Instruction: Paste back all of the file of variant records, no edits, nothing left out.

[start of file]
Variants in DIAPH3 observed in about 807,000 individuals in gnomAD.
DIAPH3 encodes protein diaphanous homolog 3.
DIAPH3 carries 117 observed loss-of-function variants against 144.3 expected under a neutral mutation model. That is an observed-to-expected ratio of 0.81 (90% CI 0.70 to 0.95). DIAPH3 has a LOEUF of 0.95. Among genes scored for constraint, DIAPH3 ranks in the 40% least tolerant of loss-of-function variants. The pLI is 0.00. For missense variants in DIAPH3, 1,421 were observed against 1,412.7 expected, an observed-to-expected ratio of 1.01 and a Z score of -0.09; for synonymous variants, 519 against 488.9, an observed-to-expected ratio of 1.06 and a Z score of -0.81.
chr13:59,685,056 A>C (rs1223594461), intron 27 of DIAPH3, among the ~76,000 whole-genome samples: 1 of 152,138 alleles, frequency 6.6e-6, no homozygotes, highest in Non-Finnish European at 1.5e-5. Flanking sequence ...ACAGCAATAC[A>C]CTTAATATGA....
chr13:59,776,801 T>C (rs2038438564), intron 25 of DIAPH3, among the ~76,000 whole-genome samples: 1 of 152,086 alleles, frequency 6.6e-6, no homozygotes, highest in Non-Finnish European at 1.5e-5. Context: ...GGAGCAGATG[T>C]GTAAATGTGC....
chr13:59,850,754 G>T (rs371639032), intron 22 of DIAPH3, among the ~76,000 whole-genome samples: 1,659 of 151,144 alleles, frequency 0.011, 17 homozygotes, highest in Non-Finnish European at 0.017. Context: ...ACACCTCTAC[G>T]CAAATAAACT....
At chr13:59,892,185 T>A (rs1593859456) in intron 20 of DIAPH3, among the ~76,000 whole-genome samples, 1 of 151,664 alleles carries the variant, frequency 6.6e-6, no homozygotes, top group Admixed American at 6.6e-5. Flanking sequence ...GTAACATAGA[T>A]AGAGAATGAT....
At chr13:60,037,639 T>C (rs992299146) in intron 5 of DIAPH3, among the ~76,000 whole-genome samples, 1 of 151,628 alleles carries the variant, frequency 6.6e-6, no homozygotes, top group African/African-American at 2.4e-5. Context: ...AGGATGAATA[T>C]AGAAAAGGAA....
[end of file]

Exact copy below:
Variants in DIAPH3 observed in about 807,000 individuals in gnomAD.
DIAPH3 encodes protein diaphanous homolog 3.
DIAPH3 carries 117 observed loss-of-function variants against 144.3 expected under a neutral mutation model. That is an observed-to-expected ratio of 0.81 (90% CI 0.70 to 0.95). DIAPH3 has a LOEUF of 0.95. Among genes scored for constraint, DIAPH3 ranks in the 40% least tolerant of loss-of-function variants. The pLI is 0.00. For missense variants in DIAPH3, 1,421 were observed against 1,412.7 expected, an observed-to-expected ratio of 1.01 and a Z score of -0.09; for synonymous variants, 519 against 488.9, an observed-to-expected ratio of 1.06 and a Z score of -0.81.
chr13:59,685,056 A>C (rs1223594461), intron 27 of DIAPH3, among the ~76,000 whole-genome samples: 1 of 152,138 alleles, frequency 6.6e-6, no homozygotes, highest in Non-Finnish European at 1.5e-5. Flanking sequence ...ACAGCAATAC[A>C]CTTAATATGA....
chr13:59,776,801 T>C (rs2038438564), intron 25 of DIAPH3, among the ~76,000 whole-genome samples: 1 of 152,086 alleles, frequency 6.6e-6, no homozygotes, highest in Non-Finnish European at 1.5e-5. Context: ...GGAGCAGATG[T>C]GTAAATGTGC....
chr13:59,850,754 G>T (rs371639032), intron 22 of DIAPH3, among the ~76,000 whole-genome samples: 1,659 of 151,144 alleles, frequency 0.011, 17 homozygotes, highest in Non-Finnish European at 0.017. Context: ...ACACCTCTAC[G>T]CAAATAAACT....
At chr13:59,892,185 T>A (rs1593859456) in intron 20 of DIAPH3, among the ~76,000 whole-genome samples, 1 of 151,664 alleles carries the variant, frequency 6.6e-6, no homozygotes, top group Admixed American at 6.6e-5. Flanking sequence ...GTAACATAGA[T>A]AGAGAATGAT....
At chr13:60,037,639 T>C (rs992299146) in intron 5 of DIAPH3, among the ~76,000 whole-genome samples, 1 of 151,628 alleles carries the variant, frequency 6.6e-6, no homozygotes, top group African/African-American at 2.4e-5. Context: ...AGGATGAATA[T>C]AGAAAAGGAA....